It has been argued that there is – for example – great didactic value in the new liturgies designed under the direction of Annibale Bugnini. This may very well be so. The same could be said of Thomas Cranmer’s Book of Common Prayer it has great didactic value and no doubt great pastoral sensitivity, theological focus, and simplicity can be claimed for it. It is specifically designed to be so. Chiefly by Dr. Cranmer. In various manuals and introductions to the Book of Common Prayer one can find these claims made by middle of the road, Anglo Catholic, and even Protestant lovers of the Prayer Book. Talking to the various sorts of Anglicans, be they clergy or lay, will provide a very similar result.

And yet …

Is this pastoral sensitivity, theological (namely biblical) focus, and oversee able simplicity really a benefit? Has our worship since the Reformation not been (and for Rome since the Liturgical Revolution) been re-oriented from worship for (toward) God to the interests (no matter how carefully couched) of man? Iow has our liturgy become anthropocentric rather than theocentric? To put it more bluntly and simply: has our worship of God become too much the worship of self? It seems to me that a good case could be made that the Reformation and the Revolution mentioned above had done more damage than good. If such a case convinces us that it is indeed so, than a return to tradition, a return to traditional worship, may very well restore not just the didactic benefits of the (Anglican) Breviary and the (Anglican) Missal but it first and foremost reorients our worship toward God. As worship of God, for God’s sake, it will once again have its “side effect” of recreating us in the Image of God.

Gregory Wassen +

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Ordo AB Advent III


NOTE: remember at Lauds the Antiphons from p. C28-9 & at Prime a 4th Psalm is added!

Wednesday 17: Ember Wednesday

- Matins: ferial C32-3. Lauds: 2 B90-2. Collect: C33.

- Vespers: ferial, O ADONAI. Collect previous Sunday (Ember Day ends after None before Vespers).

Thursday 18: Feria.

- Matins: ferial C33-4. Lauds: 2. Collect: previous Sunday.

- Vespers: ferial, O RADIX JESSE. Collect: previous Sunday.

Friday 19: Ember Friday.

- Matins: ferial C34-5. Lauds: 2 B136-9. Collect: C35.

- Vespers: ferial. O CLAVIS DAVID. Collect: previous Sunday.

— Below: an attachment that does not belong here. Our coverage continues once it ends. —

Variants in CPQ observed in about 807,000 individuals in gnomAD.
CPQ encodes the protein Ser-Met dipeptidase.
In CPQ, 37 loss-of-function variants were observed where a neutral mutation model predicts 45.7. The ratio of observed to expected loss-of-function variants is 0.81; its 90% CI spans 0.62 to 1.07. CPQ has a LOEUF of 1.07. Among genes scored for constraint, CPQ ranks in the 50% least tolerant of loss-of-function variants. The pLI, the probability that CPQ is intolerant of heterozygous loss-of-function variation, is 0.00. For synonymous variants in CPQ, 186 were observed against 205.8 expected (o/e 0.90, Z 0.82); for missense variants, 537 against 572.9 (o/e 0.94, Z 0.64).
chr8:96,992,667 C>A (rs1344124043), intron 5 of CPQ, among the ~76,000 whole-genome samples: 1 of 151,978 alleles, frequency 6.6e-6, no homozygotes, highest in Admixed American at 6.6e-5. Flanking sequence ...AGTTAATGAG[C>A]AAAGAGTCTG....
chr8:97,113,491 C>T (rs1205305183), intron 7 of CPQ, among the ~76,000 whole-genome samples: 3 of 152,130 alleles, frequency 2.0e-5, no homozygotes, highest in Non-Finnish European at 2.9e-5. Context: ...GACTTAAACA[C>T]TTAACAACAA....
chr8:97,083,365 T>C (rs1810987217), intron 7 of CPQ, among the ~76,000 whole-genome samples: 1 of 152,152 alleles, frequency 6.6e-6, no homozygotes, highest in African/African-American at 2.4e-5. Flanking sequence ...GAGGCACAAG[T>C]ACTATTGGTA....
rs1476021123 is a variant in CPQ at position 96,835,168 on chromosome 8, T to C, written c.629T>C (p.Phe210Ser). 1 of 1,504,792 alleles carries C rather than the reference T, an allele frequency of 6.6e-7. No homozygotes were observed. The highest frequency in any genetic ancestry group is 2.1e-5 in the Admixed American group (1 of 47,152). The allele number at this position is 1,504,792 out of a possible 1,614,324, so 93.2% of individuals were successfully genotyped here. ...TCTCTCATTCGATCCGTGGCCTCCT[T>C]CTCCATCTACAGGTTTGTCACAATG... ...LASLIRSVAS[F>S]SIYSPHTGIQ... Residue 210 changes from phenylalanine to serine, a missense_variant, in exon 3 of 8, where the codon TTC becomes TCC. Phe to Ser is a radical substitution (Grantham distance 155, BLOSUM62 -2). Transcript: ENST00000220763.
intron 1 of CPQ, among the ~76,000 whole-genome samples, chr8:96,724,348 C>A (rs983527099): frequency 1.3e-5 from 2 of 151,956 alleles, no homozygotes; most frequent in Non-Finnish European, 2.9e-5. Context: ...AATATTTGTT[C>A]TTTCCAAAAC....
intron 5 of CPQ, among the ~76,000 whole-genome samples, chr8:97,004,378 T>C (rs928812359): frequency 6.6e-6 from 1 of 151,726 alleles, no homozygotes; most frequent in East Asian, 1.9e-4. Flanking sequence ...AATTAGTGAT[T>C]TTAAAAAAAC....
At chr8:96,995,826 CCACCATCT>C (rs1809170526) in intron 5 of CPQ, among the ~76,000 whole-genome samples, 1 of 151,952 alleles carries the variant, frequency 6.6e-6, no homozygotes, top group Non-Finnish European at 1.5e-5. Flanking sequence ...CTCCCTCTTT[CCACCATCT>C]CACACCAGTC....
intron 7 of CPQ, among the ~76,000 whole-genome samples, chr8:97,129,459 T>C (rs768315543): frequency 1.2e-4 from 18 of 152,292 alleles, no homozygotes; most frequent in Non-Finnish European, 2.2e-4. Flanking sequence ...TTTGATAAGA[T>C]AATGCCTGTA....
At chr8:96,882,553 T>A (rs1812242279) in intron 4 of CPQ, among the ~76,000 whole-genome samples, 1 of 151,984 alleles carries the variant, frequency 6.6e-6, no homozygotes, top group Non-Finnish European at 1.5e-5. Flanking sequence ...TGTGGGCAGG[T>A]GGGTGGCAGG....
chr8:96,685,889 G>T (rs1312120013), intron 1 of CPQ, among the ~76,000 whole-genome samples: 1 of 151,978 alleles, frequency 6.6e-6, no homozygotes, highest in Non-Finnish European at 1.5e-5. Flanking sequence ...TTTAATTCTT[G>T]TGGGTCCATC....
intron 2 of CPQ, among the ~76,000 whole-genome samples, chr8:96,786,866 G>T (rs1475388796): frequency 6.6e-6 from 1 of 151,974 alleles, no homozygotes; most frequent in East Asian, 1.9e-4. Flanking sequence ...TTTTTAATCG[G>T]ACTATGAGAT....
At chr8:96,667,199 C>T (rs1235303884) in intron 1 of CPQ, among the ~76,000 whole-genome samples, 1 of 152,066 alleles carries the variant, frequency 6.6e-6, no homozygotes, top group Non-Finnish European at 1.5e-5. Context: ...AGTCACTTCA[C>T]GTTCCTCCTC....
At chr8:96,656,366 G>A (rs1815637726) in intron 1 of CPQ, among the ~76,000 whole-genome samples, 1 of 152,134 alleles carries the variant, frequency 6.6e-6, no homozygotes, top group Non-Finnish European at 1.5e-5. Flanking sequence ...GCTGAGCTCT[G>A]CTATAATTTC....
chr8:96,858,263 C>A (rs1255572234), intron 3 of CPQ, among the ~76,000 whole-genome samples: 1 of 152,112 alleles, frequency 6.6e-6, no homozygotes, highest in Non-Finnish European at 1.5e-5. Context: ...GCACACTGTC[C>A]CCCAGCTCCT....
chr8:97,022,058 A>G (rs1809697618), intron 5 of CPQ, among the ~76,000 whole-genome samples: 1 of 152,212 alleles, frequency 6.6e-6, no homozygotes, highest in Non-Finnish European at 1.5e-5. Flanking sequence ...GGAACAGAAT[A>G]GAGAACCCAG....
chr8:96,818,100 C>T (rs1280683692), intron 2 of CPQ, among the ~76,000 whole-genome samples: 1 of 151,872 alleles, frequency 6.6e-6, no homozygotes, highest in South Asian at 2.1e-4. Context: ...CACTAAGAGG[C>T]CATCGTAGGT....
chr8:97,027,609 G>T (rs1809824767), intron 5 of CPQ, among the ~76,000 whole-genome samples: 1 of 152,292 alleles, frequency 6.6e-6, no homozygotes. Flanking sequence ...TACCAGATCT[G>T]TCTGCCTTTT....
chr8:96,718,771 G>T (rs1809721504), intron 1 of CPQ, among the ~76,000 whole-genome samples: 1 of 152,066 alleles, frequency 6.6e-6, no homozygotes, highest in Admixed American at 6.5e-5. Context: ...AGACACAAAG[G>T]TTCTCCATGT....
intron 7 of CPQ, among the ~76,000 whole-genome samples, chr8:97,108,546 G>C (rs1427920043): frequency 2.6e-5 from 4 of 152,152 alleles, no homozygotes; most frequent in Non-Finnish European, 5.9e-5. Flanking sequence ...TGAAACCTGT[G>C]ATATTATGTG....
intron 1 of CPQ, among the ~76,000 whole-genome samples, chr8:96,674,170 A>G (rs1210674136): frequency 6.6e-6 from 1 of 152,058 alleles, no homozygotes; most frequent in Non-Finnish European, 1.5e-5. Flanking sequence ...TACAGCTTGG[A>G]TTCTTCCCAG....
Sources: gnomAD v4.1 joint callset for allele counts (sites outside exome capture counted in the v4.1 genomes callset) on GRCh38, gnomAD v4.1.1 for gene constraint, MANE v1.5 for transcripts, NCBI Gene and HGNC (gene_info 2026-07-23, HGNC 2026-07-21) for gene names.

Saturday 20: Ember Saturday.

- Matins: ferial C35-6. Lauds: 2 B161-5 (Canticle: Ignis succensus est). Collect: previous Sunday.

- Vespers:  ferial (1st Vespers of the 4th Sunday of Advent), O ORIENS. Collect: C40.

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Saint Etheldreda


Æthelthryth (or Æþelðryþe; about 636 – June 23, 679) is the name for the Anglo-Saxon saint known, particularly in a religious context, as Etheldreda or Audrey. She was an East Anglian princess, a Fenland and Northumbrian queen and Abbess of Ely.

More here: Etheldreda.

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Regarding good work


“Note here how much precaution you must observe with reference to good work. At the beginning of all your works see that you have light in you, so that all your works may be of light and not of darkness. Next, consider carefully whether your light is pure and not darkened; and when you have found that it is good, then finally divide it from darkness, and call the light day, and the darkness night. Then, in the case of your other works which you do in the light, see if these also are good; and do not let any work at all go by without judgment until you know all that you have done. Thus judgment is twofold: the first judgment is that in which light is judged and seen whether it is good, so that it may be divided from darkness; the second judgment is when the works themselves which are done in light are called to judgment, and it is seen that they are also good. And thus at last God rests.”

¬ Hugh of St. Victor, De Sacramentis, Bk. One, Chap. XIV.

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Monastic Office Ordo October 17 – 2014


St. ETHELDREDA ¬ (Virgin not a Martyr)

MBM:

Inv & Hymn p. 131* Pss & Ants as in the Psalter for Friday. Single Lesson p. 1014w/Resp from p. 131* (for a Virgin not a Martyr! ). II Nocturn Lesson 2 Cor. 11, 2 (p. 132*). Collect p. 1915.

MD:

Lauds & Hours: as in the Psalter from Chapter of the Feast using Common of Virgins (p. 47* – ), Collect p. 626.

Vespers: all as for the Feast of St. Luke using Common of Apostles (p. 7*) for what is not given as proper. Commem. of St. Etheldreda (Ant & V/R p. 4*-5* Collect p. 626).

Salve Regina as usual.

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Simple kalendar Ordo for October 17 – 2014


FERIA

Matins: iii Lessons. All as in the Psalter & Ordinary for Friday. Lessons: Maccabees (p. C628-9) w/Resp. from table 5 Fridays (p. C611).

To commemorate St. Etheldreda, as required by the ACC Kalendar, simply add her legend (p. S64-5) to lesson iii.

Lauds & Hours: all as in the Psalter & Ordinary for Friday. Collect from Trinity XVII (p. C691). Suffrage is said, at Prime Dominical Preces.

To commemorate St. Etheldreda use Table 12b, Collect: p. S64. Suffrage is said, and at Prime Dominical Preces.

Vespers: all as for the Feast of St. Luke p. E479 using Common 3 (p. F24) for what is not given as proper. Pss of Vespers 3 (see p. B31). NO Suffrage. Compline of Sunday.

Salve Regina as usual.